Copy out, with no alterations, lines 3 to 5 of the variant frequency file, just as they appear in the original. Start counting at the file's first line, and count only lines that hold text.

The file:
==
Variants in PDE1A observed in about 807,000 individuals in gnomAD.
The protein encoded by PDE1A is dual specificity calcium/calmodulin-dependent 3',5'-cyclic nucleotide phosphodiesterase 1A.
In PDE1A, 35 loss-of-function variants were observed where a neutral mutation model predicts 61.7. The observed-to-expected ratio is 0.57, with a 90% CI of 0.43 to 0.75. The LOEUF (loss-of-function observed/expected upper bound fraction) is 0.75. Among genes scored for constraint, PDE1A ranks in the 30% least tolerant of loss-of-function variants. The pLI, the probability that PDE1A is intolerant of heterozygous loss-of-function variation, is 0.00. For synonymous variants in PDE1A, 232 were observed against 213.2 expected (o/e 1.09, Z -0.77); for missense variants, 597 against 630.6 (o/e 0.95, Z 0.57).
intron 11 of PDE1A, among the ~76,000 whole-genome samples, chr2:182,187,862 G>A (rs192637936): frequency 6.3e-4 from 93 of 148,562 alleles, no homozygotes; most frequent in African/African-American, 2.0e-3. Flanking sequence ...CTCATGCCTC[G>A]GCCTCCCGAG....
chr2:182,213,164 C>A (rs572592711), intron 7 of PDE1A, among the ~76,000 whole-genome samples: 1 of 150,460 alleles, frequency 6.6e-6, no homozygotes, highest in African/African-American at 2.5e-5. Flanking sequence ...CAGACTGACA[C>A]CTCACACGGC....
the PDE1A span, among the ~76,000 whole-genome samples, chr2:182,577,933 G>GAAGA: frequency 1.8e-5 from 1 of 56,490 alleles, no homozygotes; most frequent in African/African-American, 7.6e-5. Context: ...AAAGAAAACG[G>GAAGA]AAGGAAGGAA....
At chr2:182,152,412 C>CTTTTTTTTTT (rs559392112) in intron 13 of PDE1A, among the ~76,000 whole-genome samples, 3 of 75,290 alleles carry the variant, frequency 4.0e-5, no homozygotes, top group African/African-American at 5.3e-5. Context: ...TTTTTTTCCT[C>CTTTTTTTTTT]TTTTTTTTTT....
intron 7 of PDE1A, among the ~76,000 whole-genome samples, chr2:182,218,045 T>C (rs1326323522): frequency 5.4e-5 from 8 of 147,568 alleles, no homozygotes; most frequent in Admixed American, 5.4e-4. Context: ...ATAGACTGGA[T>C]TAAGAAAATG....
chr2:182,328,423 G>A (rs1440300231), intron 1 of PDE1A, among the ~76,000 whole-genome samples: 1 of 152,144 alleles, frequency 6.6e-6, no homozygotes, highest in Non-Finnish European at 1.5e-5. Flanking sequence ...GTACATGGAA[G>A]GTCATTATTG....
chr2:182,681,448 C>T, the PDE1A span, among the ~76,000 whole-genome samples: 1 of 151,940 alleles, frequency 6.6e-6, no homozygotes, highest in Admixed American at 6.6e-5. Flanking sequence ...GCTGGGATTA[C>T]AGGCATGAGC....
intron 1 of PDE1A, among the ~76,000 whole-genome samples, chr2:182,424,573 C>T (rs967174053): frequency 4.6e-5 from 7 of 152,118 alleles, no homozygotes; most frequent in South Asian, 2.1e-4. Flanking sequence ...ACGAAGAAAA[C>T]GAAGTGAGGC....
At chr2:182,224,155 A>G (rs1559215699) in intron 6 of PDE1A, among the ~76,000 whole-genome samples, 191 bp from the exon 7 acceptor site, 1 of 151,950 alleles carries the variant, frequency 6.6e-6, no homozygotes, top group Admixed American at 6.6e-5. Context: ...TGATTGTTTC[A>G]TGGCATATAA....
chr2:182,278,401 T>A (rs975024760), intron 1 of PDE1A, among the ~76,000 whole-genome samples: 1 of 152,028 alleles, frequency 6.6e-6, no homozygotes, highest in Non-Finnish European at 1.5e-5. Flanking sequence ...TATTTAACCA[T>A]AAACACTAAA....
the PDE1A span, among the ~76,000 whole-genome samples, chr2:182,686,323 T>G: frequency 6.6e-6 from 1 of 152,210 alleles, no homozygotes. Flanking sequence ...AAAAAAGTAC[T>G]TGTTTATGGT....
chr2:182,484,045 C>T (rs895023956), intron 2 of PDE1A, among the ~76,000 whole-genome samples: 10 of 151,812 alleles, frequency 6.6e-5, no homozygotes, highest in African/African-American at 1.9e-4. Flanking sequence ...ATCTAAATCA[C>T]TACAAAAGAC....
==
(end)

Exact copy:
In PDE1A, 35 loss-of-function variants were observed where a neutral mutation model predicts 61.7. The observed-to-expected ratio is 0.57, with a 90% CI of 0.43 to 0.75. The LOEUF (loss-of-function observed/expected upper bound fraction) is 0.75. Among genes scored for constraint, PDE1A ranks in the 30% least tolerant of loss-of-function variants. The pLI, the probability that PDE1A is intolerant of heterozygous loss-of-function variation, is 0.00. For synonymous variants in PDE1A, 232 were observed against 213.2 expected (o/e 1.09, Z -0.77); for missense variants, 597 against 630.6 (o/e 0.95, Z 0.57).
intron 11 of PDE1A, among the ~76,000 whole-genome samples, chr2:182,187,862 G>A (rs192637936): frequency 6.3e-4 from 93 of 148,562 alleles, no homozygotes; most frequent in African/African-American, 2.0e-3. Flanking sequence ...CTCATGCCTC[G>A]GCCTCCCGAG....
chr2:182,213,164 C>A (rs572592711), intron 7 of PDE1A, among the ~76,000 whole-genome samples: 1 of 150,460 alleles, frequency 6.6e-6, no homozygotes, highest in African/African-American at 2.5e-5. Flanking sequence ...CAGACTGACA[C>A]CTCACACGGC....